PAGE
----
“If you build it, they will come.”

That was the motivation behind our creation of the CSAC Institute for Excellence in County Government. We were confident that if we developed a professional, continuing education program comprised of strong, topical and timely courses, county supervisors and senior executives would make a commitment to attend. And so they have.

Since the program was launched one year ago, more than 350 county supervisors and executive staff have taken Institute courses. Four county leaders completed the credential program in the first year by completing 60 hours of classroom instruction; another group of county officials will “graduate” at our upcoming Legislative Conference. With each course, we are seeing increased interest and participation. 

The most recent example of the growing popularity of the Institute was our course on water held last Thursday in Sacramento. Titled, “Water in California: The Politics, Distribution and the Future,” this course provided an overview and history of California’s water issues and put it in the context of the current water solutions signed by the Governor last November. The course was designed to break down some of these more complicated issues, including California’s water rights framework and environmental protections, and provide participants with a foundation of understanding.

Nearly 60 county officials (including 22 county supervisors) from 26 counties participated in the water course and found it to be a very valuable use of time. Just a few weeks prior, an Institute courses focusing on “Creating Budget Solutions and Innovative Service Design” drew nearly 40 county officials.

It is critical that the Institute courses are viewed by county officials as a valuable investment especially in these difficult fiscal times; the Institute staff and Governing Board are constantly looking for ways to make more convenient and worthwhile for county supervisors and senior staff to attend. For example, we will be offering a timely series on key health issues, including a two-day course on realignment held in conjunction with the CSAC Legislative Conference in early June. The Institute is also offering three courses this winter and spring in Alameda County to make it easier for Bay Area county elected officials and staff to attend.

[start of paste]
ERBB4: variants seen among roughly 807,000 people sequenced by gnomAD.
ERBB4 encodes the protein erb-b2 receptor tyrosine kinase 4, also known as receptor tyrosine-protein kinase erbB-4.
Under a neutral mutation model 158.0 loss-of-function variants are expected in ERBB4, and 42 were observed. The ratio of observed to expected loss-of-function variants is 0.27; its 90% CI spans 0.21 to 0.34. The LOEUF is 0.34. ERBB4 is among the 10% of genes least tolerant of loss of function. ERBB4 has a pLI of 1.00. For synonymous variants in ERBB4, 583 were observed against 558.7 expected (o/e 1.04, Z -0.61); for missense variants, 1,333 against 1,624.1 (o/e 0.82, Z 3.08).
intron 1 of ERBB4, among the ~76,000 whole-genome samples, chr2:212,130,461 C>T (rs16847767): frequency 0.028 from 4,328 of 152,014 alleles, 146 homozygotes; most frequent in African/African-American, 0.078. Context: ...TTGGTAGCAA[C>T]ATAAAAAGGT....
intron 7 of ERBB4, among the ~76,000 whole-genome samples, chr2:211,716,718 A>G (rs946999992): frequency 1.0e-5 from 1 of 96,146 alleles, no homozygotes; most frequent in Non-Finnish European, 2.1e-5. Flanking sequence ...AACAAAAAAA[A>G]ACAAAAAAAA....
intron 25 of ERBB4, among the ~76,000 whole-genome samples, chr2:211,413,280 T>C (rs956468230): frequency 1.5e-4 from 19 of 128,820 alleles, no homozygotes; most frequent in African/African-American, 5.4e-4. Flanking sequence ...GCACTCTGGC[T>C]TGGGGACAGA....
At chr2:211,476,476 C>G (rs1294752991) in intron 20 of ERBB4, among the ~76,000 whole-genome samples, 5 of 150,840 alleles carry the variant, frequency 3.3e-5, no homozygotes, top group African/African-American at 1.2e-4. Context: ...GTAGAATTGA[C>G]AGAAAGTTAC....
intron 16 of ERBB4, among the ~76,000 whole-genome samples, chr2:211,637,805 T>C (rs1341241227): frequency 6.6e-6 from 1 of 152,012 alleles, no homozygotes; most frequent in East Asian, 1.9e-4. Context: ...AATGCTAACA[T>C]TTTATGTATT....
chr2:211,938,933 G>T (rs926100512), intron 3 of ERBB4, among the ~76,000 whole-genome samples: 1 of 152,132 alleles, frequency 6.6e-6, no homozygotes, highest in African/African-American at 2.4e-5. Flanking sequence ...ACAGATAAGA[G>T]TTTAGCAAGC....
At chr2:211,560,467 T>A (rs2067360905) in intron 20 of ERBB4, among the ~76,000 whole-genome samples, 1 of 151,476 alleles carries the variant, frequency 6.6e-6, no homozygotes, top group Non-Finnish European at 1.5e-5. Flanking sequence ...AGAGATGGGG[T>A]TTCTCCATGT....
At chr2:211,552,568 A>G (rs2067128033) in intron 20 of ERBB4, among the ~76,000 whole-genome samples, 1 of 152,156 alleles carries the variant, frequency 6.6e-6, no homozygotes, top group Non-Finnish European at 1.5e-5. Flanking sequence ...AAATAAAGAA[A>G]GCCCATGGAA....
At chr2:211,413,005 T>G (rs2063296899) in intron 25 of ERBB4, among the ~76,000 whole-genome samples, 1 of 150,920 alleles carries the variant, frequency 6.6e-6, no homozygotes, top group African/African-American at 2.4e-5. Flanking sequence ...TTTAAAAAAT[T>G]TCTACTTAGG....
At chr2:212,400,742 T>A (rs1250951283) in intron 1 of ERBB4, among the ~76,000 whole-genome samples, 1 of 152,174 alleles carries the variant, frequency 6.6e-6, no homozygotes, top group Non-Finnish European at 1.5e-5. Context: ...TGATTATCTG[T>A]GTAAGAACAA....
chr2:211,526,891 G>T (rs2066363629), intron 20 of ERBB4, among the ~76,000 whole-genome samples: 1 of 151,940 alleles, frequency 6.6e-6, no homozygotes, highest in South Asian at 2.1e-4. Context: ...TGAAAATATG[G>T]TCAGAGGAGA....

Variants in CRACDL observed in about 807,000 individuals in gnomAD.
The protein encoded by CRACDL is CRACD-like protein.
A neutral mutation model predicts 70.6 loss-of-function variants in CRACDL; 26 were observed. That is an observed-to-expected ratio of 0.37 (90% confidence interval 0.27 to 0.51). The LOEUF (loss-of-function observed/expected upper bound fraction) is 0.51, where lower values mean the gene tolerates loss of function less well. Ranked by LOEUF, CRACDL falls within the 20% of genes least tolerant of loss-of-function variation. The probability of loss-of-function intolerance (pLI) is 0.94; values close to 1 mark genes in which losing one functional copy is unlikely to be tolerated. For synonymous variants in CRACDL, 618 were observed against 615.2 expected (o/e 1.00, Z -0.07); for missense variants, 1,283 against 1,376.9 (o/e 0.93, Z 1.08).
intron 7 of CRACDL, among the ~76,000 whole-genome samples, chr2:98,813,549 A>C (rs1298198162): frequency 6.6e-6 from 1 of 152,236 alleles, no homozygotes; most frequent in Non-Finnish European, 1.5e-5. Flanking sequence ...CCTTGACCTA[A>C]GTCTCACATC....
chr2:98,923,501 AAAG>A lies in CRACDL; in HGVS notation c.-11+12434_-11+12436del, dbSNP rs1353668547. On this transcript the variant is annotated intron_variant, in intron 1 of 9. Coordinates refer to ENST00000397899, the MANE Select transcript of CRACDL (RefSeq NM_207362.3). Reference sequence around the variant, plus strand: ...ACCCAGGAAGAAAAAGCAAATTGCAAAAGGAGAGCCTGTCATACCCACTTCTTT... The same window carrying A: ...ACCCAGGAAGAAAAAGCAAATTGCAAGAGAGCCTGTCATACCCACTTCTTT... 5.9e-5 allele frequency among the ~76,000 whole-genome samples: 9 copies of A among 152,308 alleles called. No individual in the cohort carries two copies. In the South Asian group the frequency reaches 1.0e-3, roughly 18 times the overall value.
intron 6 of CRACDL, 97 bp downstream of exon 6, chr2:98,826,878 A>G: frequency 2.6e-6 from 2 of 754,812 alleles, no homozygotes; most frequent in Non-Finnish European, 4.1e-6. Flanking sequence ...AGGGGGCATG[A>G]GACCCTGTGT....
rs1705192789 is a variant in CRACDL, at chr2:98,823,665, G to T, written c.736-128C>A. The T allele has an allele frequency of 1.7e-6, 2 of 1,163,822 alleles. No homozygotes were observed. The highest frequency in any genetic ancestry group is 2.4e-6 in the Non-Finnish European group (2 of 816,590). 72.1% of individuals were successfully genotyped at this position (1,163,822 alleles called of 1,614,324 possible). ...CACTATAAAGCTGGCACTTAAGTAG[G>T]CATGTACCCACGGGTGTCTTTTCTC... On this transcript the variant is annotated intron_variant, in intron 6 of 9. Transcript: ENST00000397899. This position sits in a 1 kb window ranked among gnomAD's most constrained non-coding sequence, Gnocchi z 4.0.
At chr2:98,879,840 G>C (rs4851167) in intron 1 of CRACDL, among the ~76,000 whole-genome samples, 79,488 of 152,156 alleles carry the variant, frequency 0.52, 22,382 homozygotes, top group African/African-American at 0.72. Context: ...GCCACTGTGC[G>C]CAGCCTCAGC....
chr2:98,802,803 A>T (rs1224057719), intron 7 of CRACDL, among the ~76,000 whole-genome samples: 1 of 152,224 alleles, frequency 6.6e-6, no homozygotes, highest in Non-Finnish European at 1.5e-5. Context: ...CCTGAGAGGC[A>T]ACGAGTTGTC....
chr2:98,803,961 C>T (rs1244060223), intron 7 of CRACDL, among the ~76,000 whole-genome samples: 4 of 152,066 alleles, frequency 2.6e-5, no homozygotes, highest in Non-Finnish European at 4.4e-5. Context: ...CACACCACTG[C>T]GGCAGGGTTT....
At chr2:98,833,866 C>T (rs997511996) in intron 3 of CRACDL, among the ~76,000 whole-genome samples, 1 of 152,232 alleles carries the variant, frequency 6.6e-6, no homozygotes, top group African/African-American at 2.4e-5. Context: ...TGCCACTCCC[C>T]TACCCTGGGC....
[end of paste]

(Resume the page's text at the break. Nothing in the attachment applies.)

Overall, the winter/spring schedule includes 16 courses focusing on issues ranging from fiduciary responsibility and labor relations to coalition building and partnering with CBOs. County officials can attend specific courses or a multitude of courses and work toward a supervisor or executive credential.

We’ve built it and they are coming. We know that if you and your colleagues do the same, you will find that these courses will assist you in your critical role as county leaders.  To learn more about the Institute and its course offerings, visit the Institute’s Web site at www.csacinstitute.org. We are confident you will find a course that meets your needs.

Paul McIntosh
Executive Director
California State Association of Counties